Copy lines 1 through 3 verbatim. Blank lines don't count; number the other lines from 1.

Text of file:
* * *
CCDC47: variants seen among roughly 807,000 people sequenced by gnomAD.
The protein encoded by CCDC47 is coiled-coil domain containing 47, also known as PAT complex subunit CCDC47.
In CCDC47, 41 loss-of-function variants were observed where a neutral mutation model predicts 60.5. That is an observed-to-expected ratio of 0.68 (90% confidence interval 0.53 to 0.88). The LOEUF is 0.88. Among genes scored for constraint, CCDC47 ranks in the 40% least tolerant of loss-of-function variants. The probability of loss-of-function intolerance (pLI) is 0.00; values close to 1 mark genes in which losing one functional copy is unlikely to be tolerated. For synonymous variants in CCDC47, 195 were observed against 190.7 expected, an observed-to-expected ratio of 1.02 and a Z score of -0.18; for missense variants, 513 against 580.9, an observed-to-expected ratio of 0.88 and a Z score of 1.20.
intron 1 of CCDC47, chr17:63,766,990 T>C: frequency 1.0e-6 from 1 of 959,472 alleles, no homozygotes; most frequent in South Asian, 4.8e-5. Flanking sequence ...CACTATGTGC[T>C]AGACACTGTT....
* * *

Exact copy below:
CCDC47: variants seen among roughly 807,000 people sequenced by gnomAD.
The protein encoded by CCDC47 is coiled-coil domain containing 47, also known as PAT complex subunit CCDC47.
In CCDC47, 41 loss-of-function variants were observed where a neutral mutation model predicts 60.5. That is an observed-to-expected ratio of 0.68 (90% confidence interval 0.53 to 0.88). The LOEUF is 0.88. Among genes scored for constraint, CCDC47 ranks in the 40% least tolerant of loss-of-function variants. The probability of loss-of-function intolerance (pLI) is 0.00; values close to 1 mark genes in which losing one functional copy is unlikely to be tolerated. For synonymous variants in CCDC47, 195 were observed against 190.7 expected, an observed-to-expected ratio of 1.02 and a Z score of -0.18; for missense variants, 513 against 580.9, an observed-to-expected ratio of 0.88 and a Z score of 1.20.